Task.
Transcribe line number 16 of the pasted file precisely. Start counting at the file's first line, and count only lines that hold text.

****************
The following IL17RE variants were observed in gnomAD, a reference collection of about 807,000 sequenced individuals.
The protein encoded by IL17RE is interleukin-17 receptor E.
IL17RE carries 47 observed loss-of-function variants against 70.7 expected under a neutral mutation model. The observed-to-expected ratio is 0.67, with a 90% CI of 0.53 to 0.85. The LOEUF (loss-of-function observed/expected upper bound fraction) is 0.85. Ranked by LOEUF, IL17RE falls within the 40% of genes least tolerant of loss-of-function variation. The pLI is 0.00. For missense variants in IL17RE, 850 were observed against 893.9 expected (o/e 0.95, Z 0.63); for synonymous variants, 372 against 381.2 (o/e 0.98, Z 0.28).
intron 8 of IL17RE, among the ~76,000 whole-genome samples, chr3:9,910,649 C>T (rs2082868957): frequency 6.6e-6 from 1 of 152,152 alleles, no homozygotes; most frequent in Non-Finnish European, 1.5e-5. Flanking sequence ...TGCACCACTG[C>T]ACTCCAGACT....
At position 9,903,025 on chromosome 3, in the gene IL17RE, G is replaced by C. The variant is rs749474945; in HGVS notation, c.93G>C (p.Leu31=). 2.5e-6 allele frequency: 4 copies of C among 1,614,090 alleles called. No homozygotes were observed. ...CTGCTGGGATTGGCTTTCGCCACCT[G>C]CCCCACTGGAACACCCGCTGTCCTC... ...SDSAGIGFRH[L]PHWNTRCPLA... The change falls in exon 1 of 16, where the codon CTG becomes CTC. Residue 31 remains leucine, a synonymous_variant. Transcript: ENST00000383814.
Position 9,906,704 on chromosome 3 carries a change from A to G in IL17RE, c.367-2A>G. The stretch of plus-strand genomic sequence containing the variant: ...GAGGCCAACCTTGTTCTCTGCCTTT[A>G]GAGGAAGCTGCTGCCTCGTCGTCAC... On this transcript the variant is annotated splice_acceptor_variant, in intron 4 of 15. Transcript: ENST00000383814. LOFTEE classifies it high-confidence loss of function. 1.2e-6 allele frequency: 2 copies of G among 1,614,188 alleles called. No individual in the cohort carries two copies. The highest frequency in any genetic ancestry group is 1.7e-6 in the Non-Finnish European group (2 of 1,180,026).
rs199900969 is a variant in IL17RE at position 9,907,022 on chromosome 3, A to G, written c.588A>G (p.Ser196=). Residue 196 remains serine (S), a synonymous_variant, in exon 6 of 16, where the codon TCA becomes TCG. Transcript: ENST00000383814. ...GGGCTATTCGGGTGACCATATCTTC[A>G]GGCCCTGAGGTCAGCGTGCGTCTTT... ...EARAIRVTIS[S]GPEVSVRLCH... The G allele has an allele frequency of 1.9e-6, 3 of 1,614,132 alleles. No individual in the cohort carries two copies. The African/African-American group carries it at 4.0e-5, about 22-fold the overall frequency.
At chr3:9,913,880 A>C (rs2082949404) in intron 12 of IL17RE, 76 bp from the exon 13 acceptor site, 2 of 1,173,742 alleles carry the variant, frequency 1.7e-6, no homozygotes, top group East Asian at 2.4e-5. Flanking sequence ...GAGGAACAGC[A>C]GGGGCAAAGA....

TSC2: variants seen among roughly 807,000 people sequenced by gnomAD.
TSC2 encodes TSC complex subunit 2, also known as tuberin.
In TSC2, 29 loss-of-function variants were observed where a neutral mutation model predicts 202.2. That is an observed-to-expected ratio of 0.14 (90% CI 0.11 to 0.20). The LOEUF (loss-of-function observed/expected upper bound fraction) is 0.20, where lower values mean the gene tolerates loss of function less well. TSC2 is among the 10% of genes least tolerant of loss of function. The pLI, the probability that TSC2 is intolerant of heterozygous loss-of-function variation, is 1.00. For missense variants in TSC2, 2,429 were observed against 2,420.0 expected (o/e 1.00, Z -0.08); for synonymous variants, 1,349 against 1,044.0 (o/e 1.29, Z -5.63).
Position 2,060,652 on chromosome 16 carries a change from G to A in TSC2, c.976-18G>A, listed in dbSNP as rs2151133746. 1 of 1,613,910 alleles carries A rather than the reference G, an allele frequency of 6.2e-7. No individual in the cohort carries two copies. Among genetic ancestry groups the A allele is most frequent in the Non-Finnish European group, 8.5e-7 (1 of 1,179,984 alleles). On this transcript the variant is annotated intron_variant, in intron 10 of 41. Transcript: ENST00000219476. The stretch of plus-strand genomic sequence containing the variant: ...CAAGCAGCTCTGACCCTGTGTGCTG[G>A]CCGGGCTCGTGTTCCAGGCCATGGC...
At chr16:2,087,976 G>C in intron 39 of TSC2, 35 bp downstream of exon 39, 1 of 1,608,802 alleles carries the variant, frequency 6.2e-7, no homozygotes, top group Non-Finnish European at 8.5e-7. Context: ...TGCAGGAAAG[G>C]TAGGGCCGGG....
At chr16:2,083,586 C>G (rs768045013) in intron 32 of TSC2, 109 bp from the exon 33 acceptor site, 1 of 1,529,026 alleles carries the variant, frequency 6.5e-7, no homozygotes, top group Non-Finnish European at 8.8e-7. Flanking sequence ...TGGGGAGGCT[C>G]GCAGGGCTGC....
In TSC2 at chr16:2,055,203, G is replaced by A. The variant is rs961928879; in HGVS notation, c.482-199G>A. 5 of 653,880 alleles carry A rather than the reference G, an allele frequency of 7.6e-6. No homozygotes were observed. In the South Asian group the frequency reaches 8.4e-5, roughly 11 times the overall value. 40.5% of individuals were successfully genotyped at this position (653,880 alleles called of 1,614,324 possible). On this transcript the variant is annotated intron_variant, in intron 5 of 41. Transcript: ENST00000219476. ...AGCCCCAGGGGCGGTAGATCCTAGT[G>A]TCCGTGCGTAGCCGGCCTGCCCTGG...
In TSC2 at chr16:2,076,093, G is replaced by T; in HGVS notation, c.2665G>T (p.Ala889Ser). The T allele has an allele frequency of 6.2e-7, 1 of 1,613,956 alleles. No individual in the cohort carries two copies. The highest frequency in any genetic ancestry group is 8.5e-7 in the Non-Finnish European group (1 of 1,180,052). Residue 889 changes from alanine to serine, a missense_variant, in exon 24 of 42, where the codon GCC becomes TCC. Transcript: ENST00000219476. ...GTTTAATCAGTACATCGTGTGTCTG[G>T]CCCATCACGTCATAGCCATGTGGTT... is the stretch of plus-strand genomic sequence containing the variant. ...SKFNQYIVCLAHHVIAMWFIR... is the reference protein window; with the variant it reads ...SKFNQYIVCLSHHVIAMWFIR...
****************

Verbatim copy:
In TSC2 at chr16:2,076,093, G is replaced by T; in HGVS notation, c.2665G>T (p.Ala889Ser). The T allele has an allele frequency of 6.2e-7, 1 of 1,613,956 alleles. No individual in the cohort carries two copies. The highest frequency in any genetic ancestry group is 8.5e-7 in the Non-Finnish European group (1 of 1,180,052). Residue 889 changes from alanine to serine, a missense_variant, in exon 24 of 42, where the codon GCC becomes TCC. Transcript: ENST00000219476. ...GTTTAATCAGTACATCGTGTGTCTG[G>T]CCCATCACGTCATAGCCATGTGGTT... is the stretch of plus-strand genomic sequence containing the variant. ...SKFNQYIVCLAHHVIAMWFIR... is the reference protein window; with the variant it reads ...SKFNQYIVCLSHHVIAMWFIR...